Thrifts are stocking up feverishly on mortgage derivatives, while big credit unions have an even larger share of their assets devoted to derivatives than savings and loans do, two new reports show.

The Office of Thrift Supervision said the share of mortgage derivatives the asset portfolios of savings institutions has more than tripled, to $34.6 billion or 4.4% of assets in 1992 from $11.1 billion, or 1.4% of assets, in 1989. In contrast, holdings of permanent mortgage loans rose 5.9% to $362.1 billion (46.6% of all assets) and holdings of mortgage pool securities grew 11.2% to $118.5 billion (14.9% share).

Big credit unions - the 1,031 institutions with more than $50 million in assets - are much more modest in their holdings, counting $7.5 billion in mortgage-backed securities in their investment portfolios. But of that total, $4.5 billion were two popular derivatives: collateralized mortgage obligations and real estate mortgage investment conduits. Given that credit unions' total portfolio runs about $75 billion, derivatives take up about 6% of the total.

The growing taste among credit unions for mortgage-backed securities and mortgage derivatives led the National Credit Union Administration earlier this month to tighten its suitability requirements for mortgage-backed derivatives to a three-part test.

The three-part test will add an average life and average life sensitivity component to the existing average price sensitivity test, or "shock test," required by NCUA to determine suitability for mortgage-backed derivatives, specifically collateralized mortgage obligations and real estate mortgage investment conduits.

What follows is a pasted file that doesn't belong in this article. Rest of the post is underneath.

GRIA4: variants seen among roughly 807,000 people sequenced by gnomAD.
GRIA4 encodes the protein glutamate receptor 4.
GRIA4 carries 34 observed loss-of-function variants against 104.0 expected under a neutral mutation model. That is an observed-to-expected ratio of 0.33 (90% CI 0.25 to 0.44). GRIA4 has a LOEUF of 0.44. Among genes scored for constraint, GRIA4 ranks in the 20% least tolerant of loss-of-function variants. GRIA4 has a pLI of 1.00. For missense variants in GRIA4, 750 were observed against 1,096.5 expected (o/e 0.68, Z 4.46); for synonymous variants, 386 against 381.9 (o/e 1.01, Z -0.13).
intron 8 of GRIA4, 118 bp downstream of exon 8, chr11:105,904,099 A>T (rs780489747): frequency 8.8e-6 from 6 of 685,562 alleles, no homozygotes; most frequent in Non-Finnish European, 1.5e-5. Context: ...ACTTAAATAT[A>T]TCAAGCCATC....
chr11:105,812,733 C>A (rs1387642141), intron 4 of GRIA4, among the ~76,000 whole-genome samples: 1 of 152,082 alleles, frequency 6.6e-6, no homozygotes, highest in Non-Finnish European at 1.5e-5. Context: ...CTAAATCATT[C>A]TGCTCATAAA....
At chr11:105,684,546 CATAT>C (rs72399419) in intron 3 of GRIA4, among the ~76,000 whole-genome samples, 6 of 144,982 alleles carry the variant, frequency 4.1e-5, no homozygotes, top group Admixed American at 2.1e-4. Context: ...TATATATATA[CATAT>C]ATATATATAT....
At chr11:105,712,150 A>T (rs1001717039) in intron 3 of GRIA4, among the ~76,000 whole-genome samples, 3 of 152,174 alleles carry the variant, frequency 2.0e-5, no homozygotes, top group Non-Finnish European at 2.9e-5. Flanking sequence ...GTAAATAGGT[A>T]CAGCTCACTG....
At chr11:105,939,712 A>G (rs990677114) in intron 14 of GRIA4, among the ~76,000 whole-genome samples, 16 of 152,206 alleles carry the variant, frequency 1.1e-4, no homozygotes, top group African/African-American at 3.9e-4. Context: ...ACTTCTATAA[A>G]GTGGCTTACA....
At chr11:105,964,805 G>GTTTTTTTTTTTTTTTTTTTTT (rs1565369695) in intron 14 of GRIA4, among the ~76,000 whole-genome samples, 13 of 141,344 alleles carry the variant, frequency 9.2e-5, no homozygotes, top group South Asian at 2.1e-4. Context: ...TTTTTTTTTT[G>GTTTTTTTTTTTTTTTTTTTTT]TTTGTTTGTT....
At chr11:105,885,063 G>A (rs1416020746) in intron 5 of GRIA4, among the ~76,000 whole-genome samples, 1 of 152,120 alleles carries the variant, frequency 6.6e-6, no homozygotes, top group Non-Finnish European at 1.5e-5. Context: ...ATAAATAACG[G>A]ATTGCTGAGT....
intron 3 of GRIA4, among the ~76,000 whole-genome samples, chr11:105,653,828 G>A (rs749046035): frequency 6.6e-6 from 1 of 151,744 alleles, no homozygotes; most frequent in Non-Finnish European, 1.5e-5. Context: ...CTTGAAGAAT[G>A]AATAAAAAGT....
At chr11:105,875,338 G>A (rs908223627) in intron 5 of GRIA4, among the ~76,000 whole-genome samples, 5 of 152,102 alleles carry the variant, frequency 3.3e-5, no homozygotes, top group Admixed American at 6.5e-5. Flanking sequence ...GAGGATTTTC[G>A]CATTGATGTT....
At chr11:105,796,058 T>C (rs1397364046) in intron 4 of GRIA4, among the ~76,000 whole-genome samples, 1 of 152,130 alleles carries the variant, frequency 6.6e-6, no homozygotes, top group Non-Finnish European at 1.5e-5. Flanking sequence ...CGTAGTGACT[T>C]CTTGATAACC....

Among OTS institutions, new interest rate risk rules expected soon from the Office of Thrift Supervision are likely to spur further demand for derivatives.

As long as there are needs for specific and different cash flows and Wall Street can meet them, this trend will continue," said George Engelke, CEO of Astoria Federal Savings in Lake Success, N.Y.

"[Collateralized mortgage obligations] didn't really take off until '83 and if you look at some of the inverse floater stuff off the CMO structures, it wasn't probably until '86-'88 that they took off," said a trader at Kemper Securities Group Inc. in Chicago.

Notwithstanding the increased holding, thrifts that have embraced mainstream derivatives continue to gingerly test the waters of more recent and seemingly exotic products.

"My investment types look at anything that comes down the pike, but anything that's plain old fraught with risk or anything that we'd just as soon avoid exposure to we just do." Engelke said.

Astoria feels more comfortable, he said, with CMOs than with more recent animals such as interest-only stripped mortgage-backed securities and zero-coupon stripped mortgage-backed securities.

Big credit unions' holdings in mortgage-backed securities now trail only investments in corporate credit unions, other federal agency securities (Fannie Mae stocks or bonds, for example, and U.S. government obligations as the preferred investments for the largest credit unions.

Definitive data about industrywide holdings will not be available until at least August, when the agency compiles data from midyear call reports. The remainder of the credit unions - those whose assets are less than $50 million - will be required to disclose the information for the first time in the midyear report.

The move to a three-part test by the credit union regulators follows a similar move by the bank and thrift regulators last year based on the three-part test designed by the interagency Federal Financial Institutions Examination Council. NCUA, which sits on the five-member FFIEC, deferred action on the test as they had found their own one-part exam to be adequate.

The new rule will not apply to CMO residuals or stripped mortgage-backed securities. Purchase of those instruments is prohibited for federal credit unions unless the instruments are used solely to reduce interest-rate risk, as a hedge.

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